Yes -- it's true. Despite those promises that one "can shorten it, and wear it again!" you really don't get an opportunity to do so.
How do I know? At the Raleigh sneak preview of "27 Dresses," we were treated to a parade of former bridesmaids wearing their full attendant outfits: gown, shoes, jewelry and accessories.
In only her second directorial effort, Anne Fletcher keeps things light and utterly romantic -- never dwelling on the downsides of the "Always a bridesmaid, never ..." syndrome.
Genuine to a fault, Jane, played earnestly by Katherine Heigl, is an accommodating saint who endures the hassle and humiliation of bridesmaid duties because she gets "to help someone on the most important day of their lives." Her most impressive feat: two weddings in one night.
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But what good is being good without a wild and wonderful best friend? The fantastic Judy Greer plays Casey, whose "moral compass doesn't always point due north." Casey is not only supportive but hilarious, cautioning her selfless friend, "What good is being responsible if no one is naked?"
Jane gets a chance to meet Kevin, the "Commitments" columnist for the New York Journal whose articles she not only reads, but saves.
Alas, Kevin (a handsome and charming James Marsden) has a different take on weddings, which he sums up as "forced merriment, bad food and hypocrisy -- with a 50-50 shot of success right out of the gate."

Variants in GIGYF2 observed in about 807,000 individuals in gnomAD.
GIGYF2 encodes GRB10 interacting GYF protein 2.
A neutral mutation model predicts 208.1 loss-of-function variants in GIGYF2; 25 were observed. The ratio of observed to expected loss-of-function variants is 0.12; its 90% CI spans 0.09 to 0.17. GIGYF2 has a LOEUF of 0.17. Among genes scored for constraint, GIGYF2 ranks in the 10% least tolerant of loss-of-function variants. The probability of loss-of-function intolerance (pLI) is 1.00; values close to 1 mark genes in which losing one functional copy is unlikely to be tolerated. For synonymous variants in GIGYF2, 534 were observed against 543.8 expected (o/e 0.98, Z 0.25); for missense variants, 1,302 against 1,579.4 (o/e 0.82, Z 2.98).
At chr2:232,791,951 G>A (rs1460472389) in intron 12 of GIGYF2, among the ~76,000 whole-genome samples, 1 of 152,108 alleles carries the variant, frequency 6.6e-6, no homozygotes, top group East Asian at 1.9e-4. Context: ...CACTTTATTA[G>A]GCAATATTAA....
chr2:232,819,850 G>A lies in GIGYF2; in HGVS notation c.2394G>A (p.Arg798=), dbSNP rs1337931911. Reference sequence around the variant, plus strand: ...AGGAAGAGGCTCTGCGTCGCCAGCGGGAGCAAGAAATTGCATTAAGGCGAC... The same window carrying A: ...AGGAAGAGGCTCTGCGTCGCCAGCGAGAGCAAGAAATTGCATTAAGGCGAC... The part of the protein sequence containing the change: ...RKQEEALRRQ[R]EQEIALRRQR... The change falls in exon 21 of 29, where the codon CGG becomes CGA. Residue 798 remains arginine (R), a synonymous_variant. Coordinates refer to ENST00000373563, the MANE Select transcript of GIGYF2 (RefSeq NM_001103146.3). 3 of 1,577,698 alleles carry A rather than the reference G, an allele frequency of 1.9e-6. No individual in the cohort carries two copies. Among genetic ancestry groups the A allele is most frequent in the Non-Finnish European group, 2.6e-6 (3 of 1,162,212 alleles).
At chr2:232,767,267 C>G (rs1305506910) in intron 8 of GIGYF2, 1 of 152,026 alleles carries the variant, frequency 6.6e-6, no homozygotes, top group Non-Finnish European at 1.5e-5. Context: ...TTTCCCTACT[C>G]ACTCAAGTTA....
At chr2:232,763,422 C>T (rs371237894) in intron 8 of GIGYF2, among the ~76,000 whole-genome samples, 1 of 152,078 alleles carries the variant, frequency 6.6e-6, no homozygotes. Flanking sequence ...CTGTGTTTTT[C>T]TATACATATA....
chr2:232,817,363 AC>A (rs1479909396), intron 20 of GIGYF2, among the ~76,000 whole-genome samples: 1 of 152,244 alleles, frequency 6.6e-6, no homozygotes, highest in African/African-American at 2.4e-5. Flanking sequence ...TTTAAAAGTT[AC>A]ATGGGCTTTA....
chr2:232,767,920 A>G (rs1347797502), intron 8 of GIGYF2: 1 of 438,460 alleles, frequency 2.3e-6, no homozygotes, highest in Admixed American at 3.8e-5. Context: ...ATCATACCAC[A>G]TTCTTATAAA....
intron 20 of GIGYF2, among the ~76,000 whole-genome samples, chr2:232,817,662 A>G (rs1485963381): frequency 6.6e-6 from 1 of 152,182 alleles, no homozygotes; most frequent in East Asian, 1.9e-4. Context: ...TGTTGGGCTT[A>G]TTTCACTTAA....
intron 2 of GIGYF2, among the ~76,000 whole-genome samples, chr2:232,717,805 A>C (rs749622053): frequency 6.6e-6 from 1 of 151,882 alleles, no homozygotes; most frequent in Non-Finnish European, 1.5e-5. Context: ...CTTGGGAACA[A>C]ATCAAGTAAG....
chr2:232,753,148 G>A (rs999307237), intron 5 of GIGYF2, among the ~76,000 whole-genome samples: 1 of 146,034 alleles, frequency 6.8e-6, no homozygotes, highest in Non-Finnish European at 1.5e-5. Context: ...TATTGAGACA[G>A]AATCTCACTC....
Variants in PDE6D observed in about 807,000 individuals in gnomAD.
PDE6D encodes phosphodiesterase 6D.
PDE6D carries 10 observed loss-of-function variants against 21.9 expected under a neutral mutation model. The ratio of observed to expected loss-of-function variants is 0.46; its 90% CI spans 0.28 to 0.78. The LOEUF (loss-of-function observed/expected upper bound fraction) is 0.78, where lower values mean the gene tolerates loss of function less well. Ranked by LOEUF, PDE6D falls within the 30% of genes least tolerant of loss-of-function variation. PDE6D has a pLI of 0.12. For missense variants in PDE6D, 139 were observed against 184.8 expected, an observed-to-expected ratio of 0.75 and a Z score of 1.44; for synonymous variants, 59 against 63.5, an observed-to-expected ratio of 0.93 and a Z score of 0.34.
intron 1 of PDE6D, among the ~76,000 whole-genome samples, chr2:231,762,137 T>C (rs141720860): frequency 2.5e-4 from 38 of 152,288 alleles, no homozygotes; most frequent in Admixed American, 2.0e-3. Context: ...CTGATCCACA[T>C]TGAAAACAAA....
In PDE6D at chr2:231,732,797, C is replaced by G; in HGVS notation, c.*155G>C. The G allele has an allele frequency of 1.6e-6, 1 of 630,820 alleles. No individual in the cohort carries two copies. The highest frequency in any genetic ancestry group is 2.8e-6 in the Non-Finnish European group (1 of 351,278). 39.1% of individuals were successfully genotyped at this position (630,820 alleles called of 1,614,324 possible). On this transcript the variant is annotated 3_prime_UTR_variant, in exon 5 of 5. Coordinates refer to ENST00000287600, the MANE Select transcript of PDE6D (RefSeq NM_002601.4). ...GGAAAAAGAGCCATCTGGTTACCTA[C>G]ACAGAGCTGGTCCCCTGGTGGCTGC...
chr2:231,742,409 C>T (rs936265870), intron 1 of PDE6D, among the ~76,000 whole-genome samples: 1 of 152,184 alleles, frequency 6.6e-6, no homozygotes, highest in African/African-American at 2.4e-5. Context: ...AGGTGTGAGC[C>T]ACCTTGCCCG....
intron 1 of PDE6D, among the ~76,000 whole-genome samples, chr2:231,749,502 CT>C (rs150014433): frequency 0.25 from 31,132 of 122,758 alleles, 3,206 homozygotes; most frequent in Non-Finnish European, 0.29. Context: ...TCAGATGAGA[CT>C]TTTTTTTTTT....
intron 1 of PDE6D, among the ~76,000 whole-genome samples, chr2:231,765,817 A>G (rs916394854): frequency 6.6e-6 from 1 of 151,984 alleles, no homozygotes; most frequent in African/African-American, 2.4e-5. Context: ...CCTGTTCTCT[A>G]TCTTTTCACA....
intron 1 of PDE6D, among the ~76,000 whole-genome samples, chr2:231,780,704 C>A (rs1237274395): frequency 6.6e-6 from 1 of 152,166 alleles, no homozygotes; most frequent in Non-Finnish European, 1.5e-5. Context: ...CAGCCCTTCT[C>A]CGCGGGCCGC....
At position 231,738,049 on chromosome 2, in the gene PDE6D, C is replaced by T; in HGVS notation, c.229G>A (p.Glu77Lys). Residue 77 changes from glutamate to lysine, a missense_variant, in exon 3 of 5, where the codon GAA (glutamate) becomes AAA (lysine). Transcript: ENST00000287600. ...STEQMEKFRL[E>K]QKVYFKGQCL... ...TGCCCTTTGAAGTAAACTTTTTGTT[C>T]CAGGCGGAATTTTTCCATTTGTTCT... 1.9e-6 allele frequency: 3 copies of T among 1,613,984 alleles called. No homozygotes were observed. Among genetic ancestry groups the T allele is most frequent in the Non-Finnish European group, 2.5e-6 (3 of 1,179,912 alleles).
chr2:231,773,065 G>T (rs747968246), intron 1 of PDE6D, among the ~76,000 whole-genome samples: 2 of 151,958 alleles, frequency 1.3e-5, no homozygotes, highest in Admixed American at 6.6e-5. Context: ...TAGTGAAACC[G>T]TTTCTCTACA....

After gently admonishing Jane for her easily exploited inability to say no, Kevin proceeds to not just hit on her but to write a story about this pitiful woman who has been a bridesmaid 27 times. Much to Jane's horror, the exposé runs -- complete with photos of the hideous dresses -- on the front page of the Style section.
Meanwhile, Jane's oblivious self-made boss, the rugged, outdoorsy George (Edward Burns), climbs mountains, runs a million-dollar business and appreciates his loyal, attentive assistant only professionally. When Jane's sexy, carefree sister Tess (Malin Akerman) sashays into town and seduces George, Jane is not only stunned but silently jealous. Of course, Jane then agrees to help her sister because, as she assures her skeptical interviewer, "The perfect bridesmaid always does exactly what she's asked."
Then it's back to reality, as Casey wisely reminds her, "You cannot plan your sister's wedding to the man you love; it's sick."
It's a predictable story, a bit too long, and sure, it's a fanciful confection of fluff and outrageous dresses. But it's an entertaining escape with attractive characters who barely argue, and -- gasp -- enjoy weddings.